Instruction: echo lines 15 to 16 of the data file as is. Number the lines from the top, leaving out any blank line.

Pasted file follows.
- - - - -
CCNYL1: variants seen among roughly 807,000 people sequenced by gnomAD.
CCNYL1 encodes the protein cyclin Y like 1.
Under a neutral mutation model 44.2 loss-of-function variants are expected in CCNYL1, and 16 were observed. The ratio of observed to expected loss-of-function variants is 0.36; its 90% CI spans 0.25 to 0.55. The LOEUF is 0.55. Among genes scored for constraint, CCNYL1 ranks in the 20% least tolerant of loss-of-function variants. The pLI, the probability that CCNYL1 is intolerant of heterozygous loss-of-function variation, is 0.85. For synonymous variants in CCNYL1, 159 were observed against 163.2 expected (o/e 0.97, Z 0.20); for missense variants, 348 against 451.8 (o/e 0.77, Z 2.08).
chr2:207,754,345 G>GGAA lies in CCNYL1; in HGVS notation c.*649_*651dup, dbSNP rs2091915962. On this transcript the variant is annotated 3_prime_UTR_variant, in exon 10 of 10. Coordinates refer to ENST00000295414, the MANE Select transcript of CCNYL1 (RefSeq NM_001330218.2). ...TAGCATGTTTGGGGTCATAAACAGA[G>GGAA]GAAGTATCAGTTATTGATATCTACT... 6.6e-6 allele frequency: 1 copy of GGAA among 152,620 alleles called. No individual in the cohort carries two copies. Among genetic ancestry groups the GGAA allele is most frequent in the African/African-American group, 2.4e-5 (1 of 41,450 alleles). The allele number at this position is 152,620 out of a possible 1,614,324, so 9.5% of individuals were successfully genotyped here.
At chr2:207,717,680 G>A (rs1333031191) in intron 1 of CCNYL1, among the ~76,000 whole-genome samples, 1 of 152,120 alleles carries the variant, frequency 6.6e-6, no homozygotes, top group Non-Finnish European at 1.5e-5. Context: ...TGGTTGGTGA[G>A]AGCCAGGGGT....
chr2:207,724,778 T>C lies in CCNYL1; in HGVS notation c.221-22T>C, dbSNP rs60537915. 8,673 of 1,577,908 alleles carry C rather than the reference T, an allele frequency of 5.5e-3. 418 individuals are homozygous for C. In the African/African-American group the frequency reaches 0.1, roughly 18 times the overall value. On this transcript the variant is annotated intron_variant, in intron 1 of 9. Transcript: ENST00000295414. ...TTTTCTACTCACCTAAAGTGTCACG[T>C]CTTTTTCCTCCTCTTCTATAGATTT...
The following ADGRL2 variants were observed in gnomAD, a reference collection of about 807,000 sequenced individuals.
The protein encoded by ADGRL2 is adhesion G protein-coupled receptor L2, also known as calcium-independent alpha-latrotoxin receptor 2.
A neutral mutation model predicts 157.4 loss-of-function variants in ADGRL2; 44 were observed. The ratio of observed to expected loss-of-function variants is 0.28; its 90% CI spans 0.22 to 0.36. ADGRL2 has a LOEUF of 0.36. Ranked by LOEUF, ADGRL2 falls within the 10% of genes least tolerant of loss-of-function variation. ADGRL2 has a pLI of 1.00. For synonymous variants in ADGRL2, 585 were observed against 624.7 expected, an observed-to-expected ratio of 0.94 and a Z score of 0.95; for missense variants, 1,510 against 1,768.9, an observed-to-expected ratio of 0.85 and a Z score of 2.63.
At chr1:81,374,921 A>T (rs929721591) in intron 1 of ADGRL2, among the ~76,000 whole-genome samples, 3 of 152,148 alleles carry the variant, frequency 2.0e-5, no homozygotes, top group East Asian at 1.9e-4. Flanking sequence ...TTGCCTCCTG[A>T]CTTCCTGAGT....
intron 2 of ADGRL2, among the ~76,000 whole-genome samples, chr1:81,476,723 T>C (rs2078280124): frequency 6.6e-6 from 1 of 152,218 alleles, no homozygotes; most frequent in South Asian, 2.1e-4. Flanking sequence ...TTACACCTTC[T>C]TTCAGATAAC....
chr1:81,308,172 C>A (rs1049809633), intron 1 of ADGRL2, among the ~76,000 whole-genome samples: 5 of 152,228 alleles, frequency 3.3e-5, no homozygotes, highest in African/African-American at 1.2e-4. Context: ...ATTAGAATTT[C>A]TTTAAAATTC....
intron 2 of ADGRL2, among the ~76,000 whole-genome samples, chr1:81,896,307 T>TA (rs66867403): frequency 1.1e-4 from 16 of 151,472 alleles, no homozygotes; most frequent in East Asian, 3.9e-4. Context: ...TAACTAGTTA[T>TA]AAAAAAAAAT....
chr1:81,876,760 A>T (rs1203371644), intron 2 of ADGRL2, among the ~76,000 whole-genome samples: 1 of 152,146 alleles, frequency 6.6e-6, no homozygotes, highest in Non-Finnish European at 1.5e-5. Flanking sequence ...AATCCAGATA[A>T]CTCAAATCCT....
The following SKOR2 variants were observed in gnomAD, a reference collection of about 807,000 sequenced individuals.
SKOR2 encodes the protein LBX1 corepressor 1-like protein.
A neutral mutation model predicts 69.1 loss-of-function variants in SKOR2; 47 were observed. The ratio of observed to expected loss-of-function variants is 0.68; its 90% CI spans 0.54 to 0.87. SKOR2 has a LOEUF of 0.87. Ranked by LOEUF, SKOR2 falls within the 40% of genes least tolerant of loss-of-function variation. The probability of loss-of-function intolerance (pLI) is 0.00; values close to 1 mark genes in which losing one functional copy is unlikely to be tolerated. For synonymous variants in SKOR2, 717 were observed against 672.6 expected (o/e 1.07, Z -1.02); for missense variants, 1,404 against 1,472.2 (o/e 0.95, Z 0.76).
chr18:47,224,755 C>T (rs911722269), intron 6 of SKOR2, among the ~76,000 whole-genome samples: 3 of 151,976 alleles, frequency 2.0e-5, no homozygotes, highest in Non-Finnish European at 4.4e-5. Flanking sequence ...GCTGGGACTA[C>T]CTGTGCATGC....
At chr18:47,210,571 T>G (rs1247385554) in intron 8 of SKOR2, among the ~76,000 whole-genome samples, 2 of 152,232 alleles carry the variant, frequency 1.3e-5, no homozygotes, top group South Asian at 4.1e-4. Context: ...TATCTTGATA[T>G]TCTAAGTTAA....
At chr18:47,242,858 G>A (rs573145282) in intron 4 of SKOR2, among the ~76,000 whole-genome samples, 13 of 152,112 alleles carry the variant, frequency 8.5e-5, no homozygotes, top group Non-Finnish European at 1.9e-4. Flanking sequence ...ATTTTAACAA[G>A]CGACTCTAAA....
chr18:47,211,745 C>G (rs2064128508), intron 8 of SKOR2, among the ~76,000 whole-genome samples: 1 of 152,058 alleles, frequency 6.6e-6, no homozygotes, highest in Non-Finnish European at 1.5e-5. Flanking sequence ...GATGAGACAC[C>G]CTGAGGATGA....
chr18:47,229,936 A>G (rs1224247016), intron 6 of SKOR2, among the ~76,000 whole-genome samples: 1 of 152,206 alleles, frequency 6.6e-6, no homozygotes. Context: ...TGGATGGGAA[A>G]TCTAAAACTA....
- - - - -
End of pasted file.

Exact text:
The following SKOR2 variants were observed in gnomAD, a reference collection of about 807,000 sequenced individuals.
SKOR2 encodes the protein LBX1 corepressor 1-like protein.